During the campaign, Barack Obama maintained that he would focus on intervening between Pakistan and India over their disputed Kashmir region. Obama repeatedly claimed that settling the Kashmir question was a “critical task” for the next administration and floated a lot of conjecture about how his administration would step in to solve the situation. But, despite all the claims that Obama made about how important Kashmir was to his developing India/Pakistan policy, the Obama administration has just trimmed any focus on Kashmir from envoy Richard C. Holbrooke’s responsibilities.
India is ecstatic over this move and has claimed a diplomatic victory over the Obama administration on the matter. No word yet from the Pakistanis over this loss of focus on a pet issue that they felt Obama had promised to help them with.
This is a turn around by Obama and a failure to live up to his campaign rhetoric. By trimming Kashmir from Holbrooke’s duties, Obama is casting aside one of the few specific foreign policy aims he claimed was so important during the campaign.
During the campaign, Obama floated ideas that Bill Clinton could be an envoy to settle the dispute and made vague promises to Pakistan that he’d step in and settle the dispute for them. He seems not to have bothered talking about any of these grand plans with India, however, causing the Indian government to hotly deny that they have any interest in allowing the US to become a mediator in the troubled region. India pointed out that the “assistance” Obama kept talking about to everyone but India was not wanted.
In all, Obama made a pretty good mash of his initial foreign policy outreach to both Pakistan and India because of his ham-handed and unsubstantiated claims about Kashmir as well as several smaller mistakes. In his first week after the election, for instance, Obama called Pakistani President Asif Ali Zardari but neglected to call India’s Prime Minister, Manmohan Singh at all. Obama also appointed a woman to his transition cabinet that Pakistan was suspicious of having ties to a radical Hindu Nationalist group.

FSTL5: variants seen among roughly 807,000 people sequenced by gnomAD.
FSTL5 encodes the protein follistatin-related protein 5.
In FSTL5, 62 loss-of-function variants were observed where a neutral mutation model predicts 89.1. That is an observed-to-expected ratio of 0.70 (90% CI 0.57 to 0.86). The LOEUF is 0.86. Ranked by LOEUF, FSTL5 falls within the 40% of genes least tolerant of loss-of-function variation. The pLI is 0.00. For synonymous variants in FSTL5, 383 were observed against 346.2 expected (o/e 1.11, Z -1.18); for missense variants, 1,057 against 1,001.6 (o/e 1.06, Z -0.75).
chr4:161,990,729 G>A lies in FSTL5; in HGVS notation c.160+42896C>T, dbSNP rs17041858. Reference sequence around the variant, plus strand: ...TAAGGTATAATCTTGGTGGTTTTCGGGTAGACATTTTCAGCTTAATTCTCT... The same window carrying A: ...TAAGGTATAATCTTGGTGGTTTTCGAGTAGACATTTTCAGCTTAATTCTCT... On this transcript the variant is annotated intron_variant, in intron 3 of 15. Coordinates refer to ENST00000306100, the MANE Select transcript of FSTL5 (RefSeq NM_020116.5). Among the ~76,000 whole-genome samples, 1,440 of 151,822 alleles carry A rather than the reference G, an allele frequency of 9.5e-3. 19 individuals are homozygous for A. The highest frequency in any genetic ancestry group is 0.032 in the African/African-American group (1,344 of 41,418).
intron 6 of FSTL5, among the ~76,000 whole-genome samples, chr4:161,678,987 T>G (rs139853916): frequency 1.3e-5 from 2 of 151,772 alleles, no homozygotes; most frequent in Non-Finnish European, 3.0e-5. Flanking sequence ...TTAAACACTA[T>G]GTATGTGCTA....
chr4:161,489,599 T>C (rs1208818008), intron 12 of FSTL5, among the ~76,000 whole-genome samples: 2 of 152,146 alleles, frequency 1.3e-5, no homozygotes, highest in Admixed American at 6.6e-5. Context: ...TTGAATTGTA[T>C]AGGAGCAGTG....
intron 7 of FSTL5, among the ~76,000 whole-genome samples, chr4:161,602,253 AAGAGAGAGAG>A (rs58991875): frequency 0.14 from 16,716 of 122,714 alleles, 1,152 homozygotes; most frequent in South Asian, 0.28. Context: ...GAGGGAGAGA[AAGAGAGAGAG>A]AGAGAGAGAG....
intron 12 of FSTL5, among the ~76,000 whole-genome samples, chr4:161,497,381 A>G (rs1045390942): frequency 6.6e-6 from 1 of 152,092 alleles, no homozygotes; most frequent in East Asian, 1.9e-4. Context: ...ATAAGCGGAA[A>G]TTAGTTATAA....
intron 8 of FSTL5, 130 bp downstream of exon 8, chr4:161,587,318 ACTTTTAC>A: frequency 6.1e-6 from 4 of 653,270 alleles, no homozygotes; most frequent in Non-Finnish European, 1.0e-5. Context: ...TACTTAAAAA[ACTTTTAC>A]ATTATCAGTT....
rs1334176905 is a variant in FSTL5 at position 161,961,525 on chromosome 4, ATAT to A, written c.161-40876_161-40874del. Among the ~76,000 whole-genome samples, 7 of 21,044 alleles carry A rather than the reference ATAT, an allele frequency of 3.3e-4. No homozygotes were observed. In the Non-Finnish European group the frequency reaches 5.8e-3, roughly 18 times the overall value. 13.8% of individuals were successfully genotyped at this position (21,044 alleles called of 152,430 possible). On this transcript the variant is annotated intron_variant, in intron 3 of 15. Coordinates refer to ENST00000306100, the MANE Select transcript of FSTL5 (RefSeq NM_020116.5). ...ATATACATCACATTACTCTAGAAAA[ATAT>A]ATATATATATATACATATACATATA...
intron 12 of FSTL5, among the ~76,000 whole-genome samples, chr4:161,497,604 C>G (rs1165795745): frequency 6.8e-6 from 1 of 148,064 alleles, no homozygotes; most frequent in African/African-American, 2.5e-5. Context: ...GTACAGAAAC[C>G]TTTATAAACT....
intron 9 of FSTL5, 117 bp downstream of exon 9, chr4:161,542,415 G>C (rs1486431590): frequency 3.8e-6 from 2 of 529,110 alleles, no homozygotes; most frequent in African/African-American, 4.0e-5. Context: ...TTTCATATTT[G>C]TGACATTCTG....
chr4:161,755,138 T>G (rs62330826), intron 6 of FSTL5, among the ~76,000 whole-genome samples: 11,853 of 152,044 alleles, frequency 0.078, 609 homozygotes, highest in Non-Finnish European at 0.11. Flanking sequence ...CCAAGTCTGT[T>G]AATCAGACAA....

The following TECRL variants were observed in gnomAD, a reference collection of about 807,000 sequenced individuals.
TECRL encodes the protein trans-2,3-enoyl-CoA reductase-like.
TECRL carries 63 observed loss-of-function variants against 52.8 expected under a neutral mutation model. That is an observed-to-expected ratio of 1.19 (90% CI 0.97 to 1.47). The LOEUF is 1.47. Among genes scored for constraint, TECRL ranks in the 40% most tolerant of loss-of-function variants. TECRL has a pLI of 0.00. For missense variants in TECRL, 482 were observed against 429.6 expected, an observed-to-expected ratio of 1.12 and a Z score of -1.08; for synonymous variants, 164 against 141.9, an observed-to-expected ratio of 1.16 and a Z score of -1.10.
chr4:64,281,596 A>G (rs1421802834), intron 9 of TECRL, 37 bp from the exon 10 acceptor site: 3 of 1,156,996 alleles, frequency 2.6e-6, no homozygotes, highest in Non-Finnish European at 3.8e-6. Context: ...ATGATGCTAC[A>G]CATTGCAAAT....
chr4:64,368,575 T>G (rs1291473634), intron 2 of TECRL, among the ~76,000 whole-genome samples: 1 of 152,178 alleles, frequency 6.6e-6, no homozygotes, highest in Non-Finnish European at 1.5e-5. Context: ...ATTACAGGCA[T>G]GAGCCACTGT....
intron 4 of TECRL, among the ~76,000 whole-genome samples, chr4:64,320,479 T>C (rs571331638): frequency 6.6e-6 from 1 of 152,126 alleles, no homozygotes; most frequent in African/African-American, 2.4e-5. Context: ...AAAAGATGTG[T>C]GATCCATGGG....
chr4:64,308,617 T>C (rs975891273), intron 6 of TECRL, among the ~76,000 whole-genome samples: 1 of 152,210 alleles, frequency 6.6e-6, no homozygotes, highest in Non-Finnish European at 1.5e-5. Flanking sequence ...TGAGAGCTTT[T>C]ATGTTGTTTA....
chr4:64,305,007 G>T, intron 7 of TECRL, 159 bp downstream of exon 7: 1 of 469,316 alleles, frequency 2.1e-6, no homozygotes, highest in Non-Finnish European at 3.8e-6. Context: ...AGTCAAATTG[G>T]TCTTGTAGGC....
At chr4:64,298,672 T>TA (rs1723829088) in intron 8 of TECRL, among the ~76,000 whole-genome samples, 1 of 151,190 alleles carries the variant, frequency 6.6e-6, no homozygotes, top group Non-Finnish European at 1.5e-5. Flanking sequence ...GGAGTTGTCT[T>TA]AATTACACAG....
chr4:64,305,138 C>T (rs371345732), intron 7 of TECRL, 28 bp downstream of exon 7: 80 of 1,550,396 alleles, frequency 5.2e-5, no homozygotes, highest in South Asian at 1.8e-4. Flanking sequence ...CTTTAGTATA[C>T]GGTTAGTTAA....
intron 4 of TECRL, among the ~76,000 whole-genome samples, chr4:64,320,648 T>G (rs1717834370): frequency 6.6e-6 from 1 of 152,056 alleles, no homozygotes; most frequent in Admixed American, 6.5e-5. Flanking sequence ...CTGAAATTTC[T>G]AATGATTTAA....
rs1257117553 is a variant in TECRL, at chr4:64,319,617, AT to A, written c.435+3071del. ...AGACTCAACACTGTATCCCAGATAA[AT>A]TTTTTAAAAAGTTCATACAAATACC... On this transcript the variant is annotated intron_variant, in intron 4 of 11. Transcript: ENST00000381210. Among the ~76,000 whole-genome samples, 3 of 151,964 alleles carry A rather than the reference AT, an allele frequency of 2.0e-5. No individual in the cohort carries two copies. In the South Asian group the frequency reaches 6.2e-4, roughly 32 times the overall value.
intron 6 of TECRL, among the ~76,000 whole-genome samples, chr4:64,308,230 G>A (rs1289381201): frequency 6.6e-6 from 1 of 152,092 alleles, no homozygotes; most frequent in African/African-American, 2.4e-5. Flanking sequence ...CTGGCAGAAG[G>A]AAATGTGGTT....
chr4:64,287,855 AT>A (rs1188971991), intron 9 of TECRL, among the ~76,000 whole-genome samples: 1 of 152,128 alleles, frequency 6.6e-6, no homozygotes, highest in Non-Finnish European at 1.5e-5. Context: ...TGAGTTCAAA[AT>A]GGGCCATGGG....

India was suspicious that Obama planned to offer any manner of deals with Pakistan to get its help with the war on terror and was fearful that India’s interests would be hurt as a result. And, during the campaign with his lack of attention to India’s needs and his corresponding attention to Pakistan’s, their fears could not be easily dismissed.
Still, with this quiet trimming of Kashmir from Holbrooke’s focus, India is reveling in “public glee… over their country’s latest diplomatic success” against Obama’s announced policy aims. Clearly Obama has lost this round.
But, is this really a foreign policy loss? Strictly speaking, it is. Obama claimed that Kashmir would be an important focus of his policy for India and Pakistan and at his first opportunity to act on that policy he’s set it to the back burner. In that view, this is a failure of the policy he repeatedly laid out during the campaign.
However, it is not really a “loss” per se because our stronger and more proper ally between India and Pakistan is India. And, since India is pleased with this outcome, we have reassured an ally from a great and developing democracy, ties that were becoming frayed with Obama’s early mistakes. We can only hope that Obama’s initial bungling smoothes out and that this is the first step to a better policy in the region.
Unfortunately, even as this move to have Kashmir deleted from Holbrooke’s portfolio has occurred, we must still assume that Obama thinks he can reintroduce this issue at a later date. If reality keeps mugging the Obama India/Pakistan policy like it has thus far, however, he might finally come to realize that repeating the Bush administration tact of staying clear of Kashmir is the right move.